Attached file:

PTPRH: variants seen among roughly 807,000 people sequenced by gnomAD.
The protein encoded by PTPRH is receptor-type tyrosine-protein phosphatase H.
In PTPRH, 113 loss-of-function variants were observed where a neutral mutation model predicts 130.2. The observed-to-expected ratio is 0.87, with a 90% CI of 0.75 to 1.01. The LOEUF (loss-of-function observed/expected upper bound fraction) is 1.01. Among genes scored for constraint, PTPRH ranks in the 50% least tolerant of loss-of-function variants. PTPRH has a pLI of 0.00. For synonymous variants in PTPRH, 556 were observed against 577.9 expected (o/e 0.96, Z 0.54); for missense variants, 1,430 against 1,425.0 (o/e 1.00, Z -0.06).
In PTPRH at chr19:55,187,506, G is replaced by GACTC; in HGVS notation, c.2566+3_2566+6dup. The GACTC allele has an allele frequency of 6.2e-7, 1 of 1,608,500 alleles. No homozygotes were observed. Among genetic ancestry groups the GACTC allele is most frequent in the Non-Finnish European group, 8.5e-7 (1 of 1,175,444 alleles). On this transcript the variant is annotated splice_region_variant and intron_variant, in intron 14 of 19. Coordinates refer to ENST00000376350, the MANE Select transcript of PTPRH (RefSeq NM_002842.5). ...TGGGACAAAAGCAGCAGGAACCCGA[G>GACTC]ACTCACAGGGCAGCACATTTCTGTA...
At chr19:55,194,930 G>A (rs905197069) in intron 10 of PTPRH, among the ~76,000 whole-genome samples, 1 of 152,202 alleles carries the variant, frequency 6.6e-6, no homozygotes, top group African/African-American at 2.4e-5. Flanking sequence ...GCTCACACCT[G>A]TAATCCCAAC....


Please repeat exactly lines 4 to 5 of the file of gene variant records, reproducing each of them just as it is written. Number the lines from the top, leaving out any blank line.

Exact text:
In PTPRH at chr19:55,187,506, G is replaced by GACTC; in HGVS notation, c.2566+3_2566+6dup. The GACTC allele has an allele frequency of 6.2e-7, 1 of 1,608,500 alleles. No homozygotes were observed. Among genetic ancestry groups the GACTC allele is most frequent in the Non-Finnish European group, 8.5e-7 (1 of 1,175,444 alleles). On this transcript the variant is annotated splice_region_variant and intron_variant, in intron 14 of 19. Coordinates refer to ENST00000376350, the MANE Select transcript of PTPRH (RefSeq NM_002842.5). ...TGGGACAAAAGCAGCAGGAACCCGA[G>GACTC]ACTCACAGGGCAGCACATTTCTGTA...
At chr19:55,194,930 G>A (rs905197069) in intron 10 of PTPRH, among the ~76,000 whole-genome samples, 1 of 152,202 alleles carries the variant, frequency 6.6e-6, no homozygotes, top group African/African-American at 2.4e-5. Flanking sequence ...GCTCACACCT[G>A]TAATCCCAAC....